Her exhibitive activity in this period was almost frenetic and her progress evident to the trained eye. To counter Giacomelli’s excrutiating reduction of her work in his presentation of hem one-man exhibition at the Circolo Artistico, in which he writes of an art “without historical pretentions, remaining prudently anchored to the honest dimensions of its own limits” it was just as well there was Gian Carlo Cavalli to note that Mascellani’s climb “records no failing back or brusque turnings, but proceeds in a direct line; clear and calm; slow, perhaps, but continuous. Cavalli continued: “yesterday there were noticable traces of her origins in the Bolognese school, but today Mascellani is shedding once and for all the greater part of this dead weight. With the purification of internal colour quality, left free to the fancy of the impression, and the natural abandon of the patina, the images of her compositions have also predictably acquired breath, light, expansion…”.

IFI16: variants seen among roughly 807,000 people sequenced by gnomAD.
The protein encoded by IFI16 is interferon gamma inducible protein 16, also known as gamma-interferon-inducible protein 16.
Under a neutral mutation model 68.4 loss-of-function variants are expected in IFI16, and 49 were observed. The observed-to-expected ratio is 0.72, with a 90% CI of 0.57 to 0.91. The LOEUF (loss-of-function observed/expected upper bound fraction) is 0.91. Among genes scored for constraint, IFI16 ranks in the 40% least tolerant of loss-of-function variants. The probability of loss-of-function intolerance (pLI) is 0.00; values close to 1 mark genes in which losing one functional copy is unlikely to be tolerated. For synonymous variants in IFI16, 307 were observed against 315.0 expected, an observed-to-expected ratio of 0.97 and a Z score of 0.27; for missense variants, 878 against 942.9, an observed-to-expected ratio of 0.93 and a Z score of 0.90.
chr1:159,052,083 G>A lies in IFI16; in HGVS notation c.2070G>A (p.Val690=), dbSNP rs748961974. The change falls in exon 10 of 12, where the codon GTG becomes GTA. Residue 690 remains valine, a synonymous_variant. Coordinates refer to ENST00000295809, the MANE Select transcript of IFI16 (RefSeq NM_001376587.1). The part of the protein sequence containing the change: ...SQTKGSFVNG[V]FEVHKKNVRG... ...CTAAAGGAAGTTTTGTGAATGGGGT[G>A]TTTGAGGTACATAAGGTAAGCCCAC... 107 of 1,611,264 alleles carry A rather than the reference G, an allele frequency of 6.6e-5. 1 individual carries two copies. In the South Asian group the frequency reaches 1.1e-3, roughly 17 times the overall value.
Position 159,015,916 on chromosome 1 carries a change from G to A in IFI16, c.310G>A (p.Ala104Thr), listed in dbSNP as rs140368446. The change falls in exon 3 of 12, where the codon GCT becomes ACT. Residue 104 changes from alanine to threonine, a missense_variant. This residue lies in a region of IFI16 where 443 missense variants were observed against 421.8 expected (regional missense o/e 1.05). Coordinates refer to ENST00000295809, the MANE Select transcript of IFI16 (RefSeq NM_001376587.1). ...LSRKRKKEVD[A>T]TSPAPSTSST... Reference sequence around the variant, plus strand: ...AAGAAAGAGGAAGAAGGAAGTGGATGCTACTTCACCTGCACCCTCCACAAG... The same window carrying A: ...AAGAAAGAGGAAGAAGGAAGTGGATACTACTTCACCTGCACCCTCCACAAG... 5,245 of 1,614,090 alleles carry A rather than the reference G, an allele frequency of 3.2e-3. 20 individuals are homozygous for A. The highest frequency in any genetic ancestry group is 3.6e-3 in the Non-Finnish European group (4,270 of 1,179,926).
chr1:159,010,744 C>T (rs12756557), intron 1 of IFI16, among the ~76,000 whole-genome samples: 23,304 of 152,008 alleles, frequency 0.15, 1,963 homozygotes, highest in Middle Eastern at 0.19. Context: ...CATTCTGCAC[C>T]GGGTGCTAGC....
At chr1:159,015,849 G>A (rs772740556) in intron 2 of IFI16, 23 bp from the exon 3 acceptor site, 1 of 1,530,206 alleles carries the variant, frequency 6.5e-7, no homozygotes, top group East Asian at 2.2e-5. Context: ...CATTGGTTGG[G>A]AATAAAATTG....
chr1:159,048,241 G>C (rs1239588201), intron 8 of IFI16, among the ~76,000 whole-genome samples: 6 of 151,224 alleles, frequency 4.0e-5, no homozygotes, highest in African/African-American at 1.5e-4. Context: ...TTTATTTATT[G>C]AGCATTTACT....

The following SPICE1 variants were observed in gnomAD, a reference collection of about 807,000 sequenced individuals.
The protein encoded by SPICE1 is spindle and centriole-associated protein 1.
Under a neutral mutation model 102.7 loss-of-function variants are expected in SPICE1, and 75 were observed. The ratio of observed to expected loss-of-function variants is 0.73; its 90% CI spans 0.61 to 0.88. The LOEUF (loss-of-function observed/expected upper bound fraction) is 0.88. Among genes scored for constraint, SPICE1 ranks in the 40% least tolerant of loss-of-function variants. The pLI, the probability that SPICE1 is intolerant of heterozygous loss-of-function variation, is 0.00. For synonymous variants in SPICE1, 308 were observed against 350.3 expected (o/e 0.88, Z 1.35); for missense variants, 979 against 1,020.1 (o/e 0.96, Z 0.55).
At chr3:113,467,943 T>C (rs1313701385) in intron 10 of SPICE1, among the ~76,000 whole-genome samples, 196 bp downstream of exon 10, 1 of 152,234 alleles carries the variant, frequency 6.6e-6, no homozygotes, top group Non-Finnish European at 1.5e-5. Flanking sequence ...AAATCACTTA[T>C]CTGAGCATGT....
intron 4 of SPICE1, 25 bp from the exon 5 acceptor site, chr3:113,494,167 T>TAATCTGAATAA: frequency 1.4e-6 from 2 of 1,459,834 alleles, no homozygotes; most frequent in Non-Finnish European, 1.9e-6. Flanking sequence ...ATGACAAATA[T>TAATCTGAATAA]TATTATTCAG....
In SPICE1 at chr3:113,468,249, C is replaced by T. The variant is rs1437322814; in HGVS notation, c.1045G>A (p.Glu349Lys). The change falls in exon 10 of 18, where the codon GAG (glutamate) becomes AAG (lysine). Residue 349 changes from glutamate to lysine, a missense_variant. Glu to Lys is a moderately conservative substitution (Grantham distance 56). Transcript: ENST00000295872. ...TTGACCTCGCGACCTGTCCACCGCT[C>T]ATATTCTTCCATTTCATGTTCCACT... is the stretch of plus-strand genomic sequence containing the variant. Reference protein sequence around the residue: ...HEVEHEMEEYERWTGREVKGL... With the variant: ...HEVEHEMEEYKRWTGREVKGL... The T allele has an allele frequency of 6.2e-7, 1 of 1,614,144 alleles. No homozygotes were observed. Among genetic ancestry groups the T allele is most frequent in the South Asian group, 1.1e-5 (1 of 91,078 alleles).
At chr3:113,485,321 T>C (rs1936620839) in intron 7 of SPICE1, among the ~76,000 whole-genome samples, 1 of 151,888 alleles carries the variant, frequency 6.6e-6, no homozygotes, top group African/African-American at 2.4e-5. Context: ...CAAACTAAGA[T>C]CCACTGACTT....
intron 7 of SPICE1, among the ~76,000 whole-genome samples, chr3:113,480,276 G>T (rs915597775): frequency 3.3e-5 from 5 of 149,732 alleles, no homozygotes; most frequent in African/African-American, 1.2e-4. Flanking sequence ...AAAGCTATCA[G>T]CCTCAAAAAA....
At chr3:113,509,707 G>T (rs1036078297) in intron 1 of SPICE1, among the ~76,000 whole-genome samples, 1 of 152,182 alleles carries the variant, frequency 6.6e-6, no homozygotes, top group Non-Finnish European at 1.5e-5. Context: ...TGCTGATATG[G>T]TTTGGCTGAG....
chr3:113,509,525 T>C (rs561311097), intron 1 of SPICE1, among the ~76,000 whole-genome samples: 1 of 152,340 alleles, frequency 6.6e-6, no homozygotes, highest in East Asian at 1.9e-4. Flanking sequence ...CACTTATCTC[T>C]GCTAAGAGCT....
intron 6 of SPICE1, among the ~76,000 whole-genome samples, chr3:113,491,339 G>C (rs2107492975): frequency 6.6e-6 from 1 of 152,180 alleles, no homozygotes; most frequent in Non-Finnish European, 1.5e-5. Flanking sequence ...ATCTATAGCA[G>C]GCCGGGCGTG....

Apart from being a critical note it is a working indication taken into account by the artist who strived also to meet the demands of her intense exhibitive activity. In 1950, in the III room of the Biennial Exhibition of Modem Art in Venice, she exhibited Fiori. Then she was present in the Sixth Quadrennial in Rome with Il Vaporetto (Fermy). Between these two important appointments there were others to record, including the Premio Suzzara in 1951 (with the painting Pescatori (Fishermen)) as well as an exhibition with Marzocchi, Gherlinzoni and the young sculptor Carpigiani, held in Trieste, in which she exhibited oil-paintings and a small, bright roomful of monotypes.